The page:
The ACR International Outreach Fund supports radiological projects in low- to middle-income countries around the world.
In 1997, Apple's powerful “Think Different” commercial concluded with this memorable line: “Because the people who are crazy enough to think they can change the world, are the ones who do.”
Since 2004, the ACR Foundation International Outreach Committee has been working diligently to help make a difference by improving radiological care in developing nations and promoting member participation in international service.
When it comes to changing the world, here’s just one example of the committee in action. After a 7.0-magnitude earthquake rocked Haiti in January 2010, a team of ACR volunteers embarked on the first of what would turn out to be many missions to the Western Hemisphere’s poorest country. In March 2011, the delegation arrived in the capital of Port-au-Prince — just 16 miles from the quake’s epicenter — on a fact-finding trip to determine how the ACR could help.
“The first time we went to Haiti, seeing the impact of the earthquake was a visceral experience,” says James P. Borgstede, MD, FACR, the International Outreach Committee’s first chair.
Seizing the Opportunity
The team also toured the partially collapsed, but still functioning, University Hospital and was stunned not only by the destruction, but to learn of the country’s lack of radiological caregivers and resources. Brad Short, ACR senior director of member services and staff leader for the College’s Haiti outreach program, says, “Beyond seeing the earthquake devastation, we learned there were only 19 radiologists serving some 10.5 million Haitian people. There was no radiology residency program in the country at all and only a few functioning CT scanners, one in a private practice clinic and a recent donation in a small hospital in Port-au-Prince. The needs were great.”
Three goals came out of the Haiti project. One was to help upgrade Grace Children’s Hospital with more modern imaging equipment. The ACR Foundation donated a Siemens portable hybrid x-ray unit to be used in the hospital’s temporary quarters. Second was to advise University Hospital leaders as they moved forward with tearing down the old hospital and constructing a new one with advanced technology, including a CT scanner and PACS. That process is now underway.
A third goal was to help the University Hospital get its dormant radiology residency program up and running again. The program relaunched in early 2014, with 16 soon-to-be radiologists joining the three-year training program. In 2015, the ACR team began focusing its educational efforts in Haiti largely on training radiology residents, especially in using imaging technology.
Making a Difference
Short recalls that on the first mission to Haiti, Charles R. Phelps II, MD, a longtime volunteer at Grace Children’s Hospital, grabbed his shoulder and said, “Brad, I want you to know that once you get into Haiti, Haiti gets into you.”
“Between 2012 and 2014, ACR volunteer teams held three training conferences, called Radiology Education Days, to teach physicians, radiologists, and potential radiographers from across the country,” says Douglas (Rusty) L. Brown, MD, radiologist at Mayo Clinic in Rochester, Minn., and current chair of the ACR Foundation International Outreach Committee. “We brought 10 to 12 faculty members and presented two days of training about various radiological topics to between 100 and 150 participants.” The ACR Foundation also provided hands-on training with portable ultrasound devices generously loaned by SonoSite and GE.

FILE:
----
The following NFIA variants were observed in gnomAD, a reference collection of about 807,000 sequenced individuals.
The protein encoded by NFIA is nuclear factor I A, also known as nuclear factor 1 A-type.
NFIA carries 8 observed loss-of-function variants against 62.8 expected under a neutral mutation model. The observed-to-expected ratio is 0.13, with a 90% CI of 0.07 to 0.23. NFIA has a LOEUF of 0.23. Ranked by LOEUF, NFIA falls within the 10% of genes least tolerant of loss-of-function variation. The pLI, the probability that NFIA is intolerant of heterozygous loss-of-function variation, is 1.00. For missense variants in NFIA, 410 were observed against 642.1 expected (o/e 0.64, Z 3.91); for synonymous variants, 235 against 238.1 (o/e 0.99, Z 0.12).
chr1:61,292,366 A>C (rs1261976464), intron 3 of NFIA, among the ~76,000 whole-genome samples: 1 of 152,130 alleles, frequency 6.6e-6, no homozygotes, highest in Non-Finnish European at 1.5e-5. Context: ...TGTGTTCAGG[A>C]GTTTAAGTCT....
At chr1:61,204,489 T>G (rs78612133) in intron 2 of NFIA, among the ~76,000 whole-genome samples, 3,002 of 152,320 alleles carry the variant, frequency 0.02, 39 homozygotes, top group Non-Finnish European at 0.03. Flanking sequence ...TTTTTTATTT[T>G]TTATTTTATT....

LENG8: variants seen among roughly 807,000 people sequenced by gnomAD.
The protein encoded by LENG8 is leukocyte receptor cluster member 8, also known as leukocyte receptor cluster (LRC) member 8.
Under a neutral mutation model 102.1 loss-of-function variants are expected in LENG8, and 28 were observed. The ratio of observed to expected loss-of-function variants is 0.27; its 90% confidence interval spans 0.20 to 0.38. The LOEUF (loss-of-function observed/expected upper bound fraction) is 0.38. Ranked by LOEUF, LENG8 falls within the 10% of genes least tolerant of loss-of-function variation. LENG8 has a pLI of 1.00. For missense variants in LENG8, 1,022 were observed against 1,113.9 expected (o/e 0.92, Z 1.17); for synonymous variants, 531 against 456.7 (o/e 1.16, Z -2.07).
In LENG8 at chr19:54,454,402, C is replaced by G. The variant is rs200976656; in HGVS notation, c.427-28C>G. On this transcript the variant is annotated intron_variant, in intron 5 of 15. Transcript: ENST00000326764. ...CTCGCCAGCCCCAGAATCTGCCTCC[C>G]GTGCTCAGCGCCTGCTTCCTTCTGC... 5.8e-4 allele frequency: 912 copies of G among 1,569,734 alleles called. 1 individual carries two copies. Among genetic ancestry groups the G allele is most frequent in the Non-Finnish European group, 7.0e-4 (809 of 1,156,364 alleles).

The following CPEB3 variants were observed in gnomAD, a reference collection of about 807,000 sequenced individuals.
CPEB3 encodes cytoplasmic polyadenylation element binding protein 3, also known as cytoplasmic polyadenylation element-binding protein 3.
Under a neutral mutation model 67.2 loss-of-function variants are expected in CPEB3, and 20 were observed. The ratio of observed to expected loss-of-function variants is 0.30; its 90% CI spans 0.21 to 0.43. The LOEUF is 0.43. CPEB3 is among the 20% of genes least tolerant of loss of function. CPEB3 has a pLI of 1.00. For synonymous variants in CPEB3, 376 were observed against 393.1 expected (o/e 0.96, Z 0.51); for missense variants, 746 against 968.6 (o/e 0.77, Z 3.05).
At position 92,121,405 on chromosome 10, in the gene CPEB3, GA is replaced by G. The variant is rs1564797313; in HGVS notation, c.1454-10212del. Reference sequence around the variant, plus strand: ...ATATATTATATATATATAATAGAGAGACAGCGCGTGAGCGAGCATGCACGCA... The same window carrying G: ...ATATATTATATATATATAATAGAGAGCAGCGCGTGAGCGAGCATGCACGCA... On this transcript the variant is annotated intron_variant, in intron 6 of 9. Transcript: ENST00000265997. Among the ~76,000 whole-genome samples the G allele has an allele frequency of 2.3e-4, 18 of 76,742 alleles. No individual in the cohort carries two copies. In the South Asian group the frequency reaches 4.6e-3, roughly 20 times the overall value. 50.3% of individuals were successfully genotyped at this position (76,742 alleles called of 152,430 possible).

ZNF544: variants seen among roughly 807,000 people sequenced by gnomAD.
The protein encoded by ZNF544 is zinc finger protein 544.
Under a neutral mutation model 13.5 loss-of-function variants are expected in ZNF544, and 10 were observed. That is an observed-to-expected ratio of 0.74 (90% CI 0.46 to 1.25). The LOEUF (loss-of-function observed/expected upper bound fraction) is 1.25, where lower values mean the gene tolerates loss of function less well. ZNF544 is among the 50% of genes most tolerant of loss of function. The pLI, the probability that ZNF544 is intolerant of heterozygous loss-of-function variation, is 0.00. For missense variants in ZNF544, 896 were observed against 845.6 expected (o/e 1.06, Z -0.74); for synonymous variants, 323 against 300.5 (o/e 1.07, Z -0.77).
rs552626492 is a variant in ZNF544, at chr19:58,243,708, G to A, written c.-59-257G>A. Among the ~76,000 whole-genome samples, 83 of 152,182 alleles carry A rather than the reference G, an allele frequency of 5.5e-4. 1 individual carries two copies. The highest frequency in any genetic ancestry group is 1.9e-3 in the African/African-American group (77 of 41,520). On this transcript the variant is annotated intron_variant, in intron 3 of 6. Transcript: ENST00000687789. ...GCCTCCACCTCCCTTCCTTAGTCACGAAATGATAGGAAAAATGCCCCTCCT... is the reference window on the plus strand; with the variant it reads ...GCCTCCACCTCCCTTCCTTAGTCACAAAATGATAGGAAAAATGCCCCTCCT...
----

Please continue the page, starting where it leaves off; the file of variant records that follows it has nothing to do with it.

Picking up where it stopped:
According to Short, the Haitian medical community welcomed the sessions enthusiastically. “We had physicians make a six-hour drive from the mountains in northern Haiti to Port-au-Prince,” he says. “They left their villages at 11:00 at night to make sure they got a seat in the front row. The next day, they would do it all over again — and some even slept in their cars. They showed up on day two as energetic and eager as can be. It was a powerful experience.”
Borgstede echoes that emotion, “In radiology, we have incredible opportunities to enhance patients’ diagnostic care around the world. We have a responsibility to share our knowledge and our resources with the developing world. Beyond that, it’s a hands-on opportunity to directly influence the care that’s happening in low- to middle-income countries and places that have experienced emergencies like the Haiti earthquake. It is a tremendously fulfilling opportunity.”
Beyond funding programs like the one in Haiti, donations to the International Outreach Fund also support the Goldberg-Reeder Travel Grant program, which annually provides up to four radiology residents a travel grant to support a radiology program in a developing country. In 2015, the ACR Foundation also established the Ghesani-Kajani East Africa Radiology Scholarship, which awards a $4,000 grant to qualified radiology residents seeking to spend at least one month providing health care at Aga Khan Hospital in Dar es Salaam, Tanzania.
The International Outreach Fund also works with facilities around the world to identify and coordinate volunteer, teaching, and donation opportunities in low- to middle-income countries. And Brown encourages all radiologists to participate. “We’re all part of the bigger world,” he says. “When you travel to developing countries and see the basic level of medical care they have, you realize how fortunate we are in this country. As radiologists, we have to step up and provide whatever help we can to others around the world.”
By Linda Sowers, freelance writer for ACR Press